The first test I had five predicated and each predicate being evaluated 100 000 times. This test should give us an idea of the performance of the evaluation of the predicate, as the compilation of the predicate is a one off cost and spread over 100 000 repetitions should be insignificant.
Number of repetitions: 100000
Number of predicates per repetitions: 5
1 2 4 8 16 32 64
Rico - Original Parser 120 605 1466 3755 7914 15779 32067
Rico - Compiling Parser 129 187 301 559 1064 1936 3768
Rico - Jitting Parser 139 185 328 466 828 1472 2779
Rob - Original Parser 6831 8688 22434 28433 59721 112887 219203
Rob - Compiling Parser 256 353 783 1192 2303 4190 7935
Rob - Jitting Parser 166 204 343 454 909 1493 2821
The jitting parsers are almost neck and neck. This is some what unsurprising as the actual evaluation of predicates contains nearly exactly the same IL code. While Rico’s jitting parser out performs mine, my does sneak a head in a couple of places and the margins are so small it could swing the other way if you ran the test again.
My compiling parser performs a disappointing 2 times slow than Rico’s. I suspect the main causes of this are that I use a growable evaluation stack, use a new instance of the stack for each evaluation, and also each evaluation use a method call to a lambda function. Calling a lambda function in F# is no slower that calling any other CLR method, it is still slow than no method calls at all. I think I could tune away most of these difference, but I won’t for now as these things all offer advantages too, like improved scalability and thread safety.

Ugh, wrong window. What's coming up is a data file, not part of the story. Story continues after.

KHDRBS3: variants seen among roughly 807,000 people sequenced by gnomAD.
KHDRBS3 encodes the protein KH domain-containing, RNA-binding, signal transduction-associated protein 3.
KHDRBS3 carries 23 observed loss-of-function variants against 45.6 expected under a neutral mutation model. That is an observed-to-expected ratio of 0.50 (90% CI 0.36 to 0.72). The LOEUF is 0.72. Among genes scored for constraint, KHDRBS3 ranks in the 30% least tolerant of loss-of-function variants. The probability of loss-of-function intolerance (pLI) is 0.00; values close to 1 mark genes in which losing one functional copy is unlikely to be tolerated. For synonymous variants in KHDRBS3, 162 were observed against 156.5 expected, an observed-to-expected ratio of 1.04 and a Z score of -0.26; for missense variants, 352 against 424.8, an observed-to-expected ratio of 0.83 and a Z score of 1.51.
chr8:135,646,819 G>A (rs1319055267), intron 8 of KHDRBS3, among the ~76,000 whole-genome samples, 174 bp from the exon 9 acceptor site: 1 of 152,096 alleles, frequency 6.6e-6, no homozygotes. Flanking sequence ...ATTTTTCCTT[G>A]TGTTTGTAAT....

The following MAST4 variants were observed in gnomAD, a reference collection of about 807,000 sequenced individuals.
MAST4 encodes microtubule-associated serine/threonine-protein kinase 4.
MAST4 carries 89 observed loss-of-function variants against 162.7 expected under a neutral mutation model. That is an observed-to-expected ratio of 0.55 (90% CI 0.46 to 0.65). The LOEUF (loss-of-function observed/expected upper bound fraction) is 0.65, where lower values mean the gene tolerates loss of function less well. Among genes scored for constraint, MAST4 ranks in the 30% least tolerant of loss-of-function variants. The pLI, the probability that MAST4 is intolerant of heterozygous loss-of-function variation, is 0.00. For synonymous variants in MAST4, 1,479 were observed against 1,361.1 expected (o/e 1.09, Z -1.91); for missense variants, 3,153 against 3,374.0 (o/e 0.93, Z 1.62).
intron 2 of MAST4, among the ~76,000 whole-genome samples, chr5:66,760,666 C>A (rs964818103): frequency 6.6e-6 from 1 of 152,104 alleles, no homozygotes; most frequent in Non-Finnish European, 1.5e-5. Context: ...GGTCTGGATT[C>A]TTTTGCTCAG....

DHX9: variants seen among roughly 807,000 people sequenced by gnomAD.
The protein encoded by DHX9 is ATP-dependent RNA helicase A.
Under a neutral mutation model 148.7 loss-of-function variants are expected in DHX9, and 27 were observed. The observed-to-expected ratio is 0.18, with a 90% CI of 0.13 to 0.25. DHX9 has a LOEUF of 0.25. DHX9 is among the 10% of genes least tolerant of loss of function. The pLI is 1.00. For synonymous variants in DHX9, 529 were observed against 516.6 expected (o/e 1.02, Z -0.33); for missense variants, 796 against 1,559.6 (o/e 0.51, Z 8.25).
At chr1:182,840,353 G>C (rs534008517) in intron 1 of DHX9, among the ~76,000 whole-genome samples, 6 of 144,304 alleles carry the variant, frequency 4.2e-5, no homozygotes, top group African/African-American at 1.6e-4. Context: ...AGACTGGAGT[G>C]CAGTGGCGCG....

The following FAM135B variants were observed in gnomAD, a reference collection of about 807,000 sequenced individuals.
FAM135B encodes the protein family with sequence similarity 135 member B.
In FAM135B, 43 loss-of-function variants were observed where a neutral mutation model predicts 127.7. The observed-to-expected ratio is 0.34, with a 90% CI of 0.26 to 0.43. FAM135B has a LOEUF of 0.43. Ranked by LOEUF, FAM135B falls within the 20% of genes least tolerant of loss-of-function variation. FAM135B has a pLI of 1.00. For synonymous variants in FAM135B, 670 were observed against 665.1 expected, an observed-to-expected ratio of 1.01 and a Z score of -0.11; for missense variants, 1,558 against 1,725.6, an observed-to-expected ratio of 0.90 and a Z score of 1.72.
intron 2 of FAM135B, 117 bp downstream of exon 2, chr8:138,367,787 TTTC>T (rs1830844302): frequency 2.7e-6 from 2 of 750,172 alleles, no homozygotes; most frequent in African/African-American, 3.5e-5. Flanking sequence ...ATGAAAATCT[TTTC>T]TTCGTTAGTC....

The second test I ran I used 500 predicates, and evaluated each one twenty times. This is allows us to look at how each parser performs when some more of the parse time is taken into account.
Number of repetitions: 20
Number of predicates per repetitions: 500
1 2 4 8 16 32 64
Rico - Original Parser 8 13 41 75 166 325 727
Rico - Compiling Parser 10 4 9 17 39 60 158
Rico - Jitting Parser 15 142 298 534 1042 2148 4070
Rob - Original Parser 174 197 348 626 1181 2377 4674
Rob - Compiling Parser 27 20 33 59 111 211 434
Rob - Jitting Parser 13 158 323 593 1101 2314 4318
As noted in Rico’s final article, the jitting parsers do not do well here, since the cost of JIT compiler are too high if the method is going to be invoked a small number of times. The F# compiling parser continues to do well reasonably well despite its higher parsing cost, performing between 3 and 4 than the C# compiler. The F# generated parser is slower partly because parsers are not typically used on such small input strings – large stacks are allocated for each of the 1million+ invocations to the parser. It also converts the Unicode strings to ASCII bytes for compatibility with OCaml, which a future distribution of F# will come with both an ASCII and Unicode fslex/fsyacc, so will not have to do this conversion. It will be interesting to rerun these test when this is available and see how much overhead this was adding.
Obviously I’m a bit of an F# enthusiast, but I have tried to present all the pros and cons of each parser here in a fair way. Okay the F# parsers don’t quite cut the mustard in terms of raw speed; they do offer many other advantages such as better scalability and smaller and more understandable code base. I am convinced you could write a parser that would go as fast as the C# one, but I haven’t done as it would mean copying the C# programming style and losing many of the advantages we gain for F#.
I hope you have enjoyed the article and that if you need to write a parser in a .NET language you’ll give F# ago. The code for all the parsers is available here, along with a spread sheet and some charts of the results.